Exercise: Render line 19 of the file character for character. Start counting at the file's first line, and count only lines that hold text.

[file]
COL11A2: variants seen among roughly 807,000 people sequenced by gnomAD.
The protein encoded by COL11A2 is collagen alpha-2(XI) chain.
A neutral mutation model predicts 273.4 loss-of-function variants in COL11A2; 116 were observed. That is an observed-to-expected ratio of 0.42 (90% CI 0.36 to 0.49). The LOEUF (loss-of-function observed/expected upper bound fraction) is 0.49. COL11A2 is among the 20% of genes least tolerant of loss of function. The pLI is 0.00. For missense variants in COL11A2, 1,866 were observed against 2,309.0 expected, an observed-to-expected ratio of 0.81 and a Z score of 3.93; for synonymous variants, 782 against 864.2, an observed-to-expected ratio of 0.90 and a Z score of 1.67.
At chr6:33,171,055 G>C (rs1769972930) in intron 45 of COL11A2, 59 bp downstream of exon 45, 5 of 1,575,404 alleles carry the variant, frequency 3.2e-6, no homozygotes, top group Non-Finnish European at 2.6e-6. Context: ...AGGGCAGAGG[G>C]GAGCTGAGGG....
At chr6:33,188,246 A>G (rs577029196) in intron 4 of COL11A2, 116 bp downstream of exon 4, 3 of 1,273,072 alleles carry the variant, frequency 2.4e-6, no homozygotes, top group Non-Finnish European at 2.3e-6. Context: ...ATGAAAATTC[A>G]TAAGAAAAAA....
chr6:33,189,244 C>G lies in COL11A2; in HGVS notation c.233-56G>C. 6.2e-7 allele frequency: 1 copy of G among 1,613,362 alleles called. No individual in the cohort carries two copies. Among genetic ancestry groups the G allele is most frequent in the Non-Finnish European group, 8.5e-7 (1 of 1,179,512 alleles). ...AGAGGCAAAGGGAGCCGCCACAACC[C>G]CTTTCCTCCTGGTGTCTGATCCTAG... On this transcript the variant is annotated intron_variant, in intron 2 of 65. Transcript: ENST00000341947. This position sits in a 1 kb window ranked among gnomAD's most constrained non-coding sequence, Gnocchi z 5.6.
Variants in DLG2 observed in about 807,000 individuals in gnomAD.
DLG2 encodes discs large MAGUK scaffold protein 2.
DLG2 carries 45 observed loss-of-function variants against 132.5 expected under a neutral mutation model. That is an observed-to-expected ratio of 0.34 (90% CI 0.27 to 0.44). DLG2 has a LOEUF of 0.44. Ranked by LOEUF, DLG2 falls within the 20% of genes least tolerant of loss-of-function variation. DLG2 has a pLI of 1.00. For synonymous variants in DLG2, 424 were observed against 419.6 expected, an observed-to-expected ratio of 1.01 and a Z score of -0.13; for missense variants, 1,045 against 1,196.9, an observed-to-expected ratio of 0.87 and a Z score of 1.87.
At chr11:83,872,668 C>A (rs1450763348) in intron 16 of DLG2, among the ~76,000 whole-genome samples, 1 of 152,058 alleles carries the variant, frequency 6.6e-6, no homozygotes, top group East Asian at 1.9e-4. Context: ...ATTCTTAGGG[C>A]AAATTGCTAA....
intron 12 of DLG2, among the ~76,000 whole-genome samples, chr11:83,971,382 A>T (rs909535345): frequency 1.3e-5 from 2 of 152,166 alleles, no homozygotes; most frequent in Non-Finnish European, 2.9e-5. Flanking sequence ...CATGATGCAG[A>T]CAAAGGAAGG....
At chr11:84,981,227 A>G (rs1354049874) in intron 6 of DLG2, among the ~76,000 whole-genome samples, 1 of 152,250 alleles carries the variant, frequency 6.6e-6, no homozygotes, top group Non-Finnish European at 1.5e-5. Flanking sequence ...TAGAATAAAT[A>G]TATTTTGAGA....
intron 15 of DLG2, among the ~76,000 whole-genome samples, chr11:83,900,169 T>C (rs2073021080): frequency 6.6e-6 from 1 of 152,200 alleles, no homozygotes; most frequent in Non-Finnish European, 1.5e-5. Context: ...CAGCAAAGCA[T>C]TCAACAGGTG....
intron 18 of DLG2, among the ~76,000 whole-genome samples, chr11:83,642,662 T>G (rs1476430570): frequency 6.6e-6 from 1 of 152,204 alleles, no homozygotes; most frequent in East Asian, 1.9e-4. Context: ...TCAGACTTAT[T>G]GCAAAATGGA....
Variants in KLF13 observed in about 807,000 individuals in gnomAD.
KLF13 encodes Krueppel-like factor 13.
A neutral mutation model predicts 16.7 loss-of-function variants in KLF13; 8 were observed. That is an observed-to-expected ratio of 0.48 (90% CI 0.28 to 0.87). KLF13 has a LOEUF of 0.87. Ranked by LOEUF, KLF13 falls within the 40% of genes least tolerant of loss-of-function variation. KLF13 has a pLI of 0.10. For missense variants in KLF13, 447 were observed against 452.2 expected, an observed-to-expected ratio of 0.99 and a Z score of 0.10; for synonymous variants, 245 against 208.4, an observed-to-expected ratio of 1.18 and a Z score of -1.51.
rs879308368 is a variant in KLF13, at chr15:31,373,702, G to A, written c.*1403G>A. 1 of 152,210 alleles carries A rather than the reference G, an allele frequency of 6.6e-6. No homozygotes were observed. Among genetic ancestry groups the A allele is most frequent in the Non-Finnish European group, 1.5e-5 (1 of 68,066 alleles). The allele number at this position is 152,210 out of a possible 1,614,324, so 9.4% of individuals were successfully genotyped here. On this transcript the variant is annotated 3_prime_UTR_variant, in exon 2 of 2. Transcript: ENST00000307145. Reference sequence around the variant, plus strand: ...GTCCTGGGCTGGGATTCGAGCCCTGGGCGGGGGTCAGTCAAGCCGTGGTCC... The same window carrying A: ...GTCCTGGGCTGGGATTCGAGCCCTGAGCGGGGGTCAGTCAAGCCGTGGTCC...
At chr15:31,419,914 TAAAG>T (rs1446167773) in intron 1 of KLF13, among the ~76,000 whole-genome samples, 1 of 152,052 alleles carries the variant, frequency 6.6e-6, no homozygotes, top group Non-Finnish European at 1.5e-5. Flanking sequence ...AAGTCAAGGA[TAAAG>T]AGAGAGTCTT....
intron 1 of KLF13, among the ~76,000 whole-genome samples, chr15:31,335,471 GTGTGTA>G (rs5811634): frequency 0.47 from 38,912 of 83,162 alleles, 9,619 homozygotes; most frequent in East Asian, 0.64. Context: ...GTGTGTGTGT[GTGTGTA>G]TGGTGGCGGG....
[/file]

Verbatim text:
At chr15:31,419,914 TAAAG>T (rs1446167773) in intron 1 of KLF13, among the ~76,000 whole-genome samples, 1 of 152,052 alleles carries the variant, frequency 6.6e-6, no homozygotes, top group Non-Finnish European at 1.5e-5. Flanking sequence ...AAGTCAAGGA[TAAAG>T]AGAGAGTCTT....